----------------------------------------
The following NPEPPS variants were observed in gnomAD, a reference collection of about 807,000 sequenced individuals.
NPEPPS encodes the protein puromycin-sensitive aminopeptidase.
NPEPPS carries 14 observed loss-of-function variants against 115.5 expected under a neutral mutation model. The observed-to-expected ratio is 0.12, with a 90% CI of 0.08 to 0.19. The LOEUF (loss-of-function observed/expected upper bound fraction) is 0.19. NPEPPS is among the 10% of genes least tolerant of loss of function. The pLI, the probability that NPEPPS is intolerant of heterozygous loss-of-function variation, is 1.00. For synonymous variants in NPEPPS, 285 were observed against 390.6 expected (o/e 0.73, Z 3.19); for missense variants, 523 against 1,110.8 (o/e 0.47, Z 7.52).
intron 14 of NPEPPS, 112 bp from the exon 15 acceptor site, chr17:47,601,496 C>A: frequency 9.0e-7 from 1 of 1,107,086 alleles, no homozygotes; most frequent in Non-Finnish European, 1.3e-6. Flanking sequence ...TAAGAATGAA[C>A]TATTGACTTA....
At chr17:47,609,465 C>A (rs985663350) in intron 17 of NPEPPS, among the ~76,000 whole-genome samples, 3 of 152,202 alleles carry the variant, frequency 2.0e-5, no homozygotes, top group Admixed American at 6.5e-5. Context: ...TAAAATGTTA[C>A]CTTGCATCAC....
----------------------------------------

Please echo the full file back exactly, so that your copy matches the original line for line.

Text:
The following NPEPPS variants were observed in gnomAD, a reference collection of about 807,000 sequenced individuals.
NPEPPS encodes the protein puromycin-sensitive aminopeptidase.
NPEPPS carries 14 observed loss-of-function variants against 115.5 expected under a neutral mutation model. The observed-to-expected ratio is 0.12, with a 90% CI of 0.08 to 0.19. The LOEUF (loss-of-function observed/expected upper bound fraction) is 0.19. NPEPPS is among the 10% of genes least tolerant of loss of function. The pLI, the probability that NPEPPS is intolerant of heterozygous loss-of-function variation, is 1.00. For synonymous variants in NPEPPS, 285 were observed against 390.6 expected (o/e 0.73, Z 3.19); for missense variants, 523 against 1,110.8 (o/e 0.47, Z 7.52).
intron 14 of NPEPPS, 112 bp from the exon 15 acceptor site, chr17:47,601,496 C>A: frequency 9.0e-7 from 1 of 1,107,086 alleles, no homozygotes; most frequent in Non-Finnish European, 1.3e-6. Flanking sequence ...TAAGAATGAA[C>A]TATTGACTTA....
At chr17:47,609,465 C>A (rs985663350) in intron 17 of NPEPPS, among the ~76,000 whole-genome samples, 3 of 152,202 alleles carry the variant, frequency 2.0e-5, no homozygotes, top group Admixed American at 6.5e-5. Context: ...TAAAATGTTA[C>A]CTTGCATCAC....